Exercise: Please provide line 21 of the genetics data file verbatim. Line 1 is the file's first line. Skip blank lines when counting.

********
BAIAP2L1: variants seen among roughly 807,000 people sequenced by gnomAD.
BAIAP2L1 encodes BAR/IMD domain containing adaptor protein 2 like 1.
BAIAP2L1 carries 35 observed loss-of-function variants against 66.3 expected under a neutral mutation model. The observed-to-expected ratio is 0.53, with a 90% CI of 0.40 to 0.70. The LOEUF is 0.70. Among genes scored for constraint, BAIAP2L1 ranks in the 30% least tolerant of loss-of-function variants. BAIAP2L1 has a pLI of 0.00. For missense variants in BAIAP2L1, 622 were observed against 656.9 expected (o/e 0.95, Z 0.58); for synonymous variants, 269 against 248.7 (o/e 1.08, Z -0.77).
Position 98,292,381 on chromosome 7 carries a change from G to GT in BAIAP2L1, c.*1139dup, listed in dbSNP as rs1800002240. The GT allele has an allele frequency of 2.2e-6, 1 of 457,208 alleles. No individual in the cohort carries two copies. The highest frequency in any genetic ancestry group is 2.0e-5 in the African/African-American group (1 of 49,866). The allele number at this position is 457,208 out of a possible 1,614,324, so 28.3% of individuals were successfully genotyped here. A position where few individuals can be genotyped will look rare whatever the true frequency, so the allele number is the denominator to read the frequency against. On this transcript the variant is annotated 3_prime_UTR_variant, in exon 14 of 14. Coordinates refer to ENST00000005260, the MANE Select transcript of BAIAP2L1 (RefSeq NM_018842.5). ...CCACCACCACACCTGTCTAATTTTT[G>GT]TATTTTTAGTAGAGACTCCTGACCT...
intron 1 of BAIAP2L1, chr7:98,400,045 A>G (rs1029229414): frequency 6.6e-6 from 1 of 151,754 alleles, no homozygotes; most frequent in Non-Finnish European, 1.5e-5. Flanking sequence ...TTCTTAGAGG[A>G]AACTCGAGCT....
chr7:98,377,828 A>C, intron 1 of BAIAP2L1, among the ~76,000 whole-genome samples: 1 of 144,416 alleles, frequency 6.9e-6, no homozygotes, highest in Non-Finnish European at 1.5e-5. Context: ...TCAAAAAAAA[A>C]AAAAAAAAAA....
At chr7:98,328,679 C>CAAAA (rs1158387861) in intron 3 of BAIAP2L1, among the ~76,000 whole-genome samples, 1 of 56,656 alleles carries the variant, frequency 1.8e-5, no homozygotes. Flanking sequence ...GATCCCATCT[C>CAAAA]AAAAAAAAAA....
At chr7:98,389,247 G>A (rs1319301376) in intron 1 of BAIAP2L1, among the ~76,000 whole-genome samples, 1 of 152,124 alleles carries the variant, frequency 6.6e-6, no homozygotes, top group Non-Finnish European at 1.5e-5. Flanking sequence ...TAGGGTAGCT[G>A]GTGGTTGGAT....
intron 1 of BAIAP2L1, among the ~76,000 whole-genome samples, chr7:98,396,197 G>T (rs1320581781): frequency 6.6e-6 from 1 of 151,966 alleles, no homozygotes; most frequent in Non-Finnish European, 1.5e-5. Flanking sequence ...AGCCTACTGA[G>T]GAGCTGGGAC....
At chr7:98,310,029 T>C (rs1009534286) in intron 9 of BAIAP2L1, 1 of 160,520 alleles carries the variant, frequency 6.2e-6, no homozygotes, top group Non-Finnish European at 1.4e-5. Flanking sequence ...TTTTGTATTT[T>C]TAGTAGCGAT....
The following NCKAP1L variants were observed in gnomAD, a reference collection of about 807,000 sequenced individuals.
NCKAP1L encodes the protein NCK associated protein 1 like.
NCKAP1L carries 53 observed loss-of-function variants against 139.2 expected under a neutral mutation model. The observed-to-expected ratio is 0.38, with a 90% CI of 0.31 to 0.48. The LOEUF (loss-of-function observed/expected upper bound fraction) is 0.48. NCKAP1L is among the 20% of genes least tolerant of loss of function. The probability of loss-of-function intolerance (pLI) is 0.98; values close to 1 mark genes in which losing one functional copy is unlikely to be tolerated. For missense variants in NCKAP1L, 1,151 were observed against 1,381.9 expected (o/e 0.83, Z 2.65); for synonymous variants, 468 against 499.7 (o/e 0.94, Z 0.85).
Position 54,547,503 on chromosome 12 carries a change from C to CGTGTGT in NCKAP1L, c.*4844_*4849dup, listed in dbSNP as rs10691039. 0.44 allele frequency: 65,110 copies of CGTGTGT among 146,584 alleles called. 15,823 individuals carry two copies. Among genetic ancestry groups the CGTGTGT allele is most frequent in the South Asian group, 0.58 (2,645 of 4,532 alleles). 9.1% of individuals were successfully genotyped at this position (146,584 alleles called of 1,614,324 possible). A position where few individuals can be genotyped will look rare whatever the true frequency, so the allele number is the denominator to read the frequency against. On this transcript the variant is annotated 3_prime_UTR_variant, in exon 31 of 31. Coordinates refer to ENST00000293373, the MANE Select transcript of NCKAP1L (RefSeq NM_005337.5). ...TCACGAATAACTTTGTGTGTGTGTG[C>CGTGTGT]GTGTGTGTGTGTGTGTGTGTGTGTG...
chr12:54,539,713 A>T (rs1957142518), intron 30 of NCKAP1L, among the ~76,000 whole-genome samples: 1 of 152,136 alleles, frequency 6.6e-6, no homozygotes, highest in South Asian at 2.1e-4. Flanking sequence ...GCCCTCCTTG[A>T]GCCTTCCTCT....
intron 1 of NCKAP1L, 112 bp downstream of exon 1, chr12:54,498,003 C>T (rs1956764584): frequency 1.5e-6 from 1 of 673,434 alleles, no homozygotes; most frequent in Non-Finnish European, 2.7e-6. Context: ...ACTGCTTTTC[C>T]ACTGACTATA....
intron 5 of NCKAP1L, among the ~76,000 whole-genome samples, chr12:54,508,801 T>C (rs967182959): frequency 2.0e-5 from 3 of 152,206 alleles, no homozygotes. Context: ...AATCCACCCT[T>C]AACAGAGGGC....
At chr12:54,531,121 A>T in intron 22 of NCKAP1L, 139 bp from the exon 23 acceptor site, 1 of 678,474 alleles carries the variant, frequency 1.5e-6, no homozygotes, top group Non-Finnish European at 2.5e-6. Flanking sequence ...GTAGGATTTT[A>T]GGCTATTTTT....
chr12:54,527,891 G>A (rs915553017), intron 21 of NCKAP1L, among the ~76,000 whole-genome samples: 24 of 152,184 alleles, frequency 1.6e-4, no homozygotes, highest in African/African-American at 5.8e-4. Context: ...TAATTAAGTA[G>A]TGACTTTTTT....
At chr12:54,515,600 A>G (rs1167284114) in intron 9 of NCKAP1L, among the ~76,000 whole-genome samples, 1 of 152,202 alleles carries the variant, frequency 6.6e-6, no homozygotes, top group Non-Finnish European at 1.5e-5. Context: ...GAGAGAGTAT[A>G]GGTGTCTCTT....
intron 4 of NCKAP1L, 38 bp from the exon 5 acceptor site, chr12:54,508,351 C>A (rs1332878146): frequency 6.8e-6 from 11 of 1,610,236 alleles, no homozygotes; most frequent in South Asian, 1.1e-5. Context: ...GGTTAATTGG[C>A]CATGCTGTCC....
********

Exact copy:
intron 4 of NCKAP1L, 38 bp from the exon 5 acceptor site, chr12:54,508,351 C>A (rs1332878146): frequency 6.8e-6 from 11 of 1,610,236 alleles, no homozygotes; most frequent in South Asian, 1.1e-5. Context: ...GGTTAATTGG[C>A]CATGCTGTCC....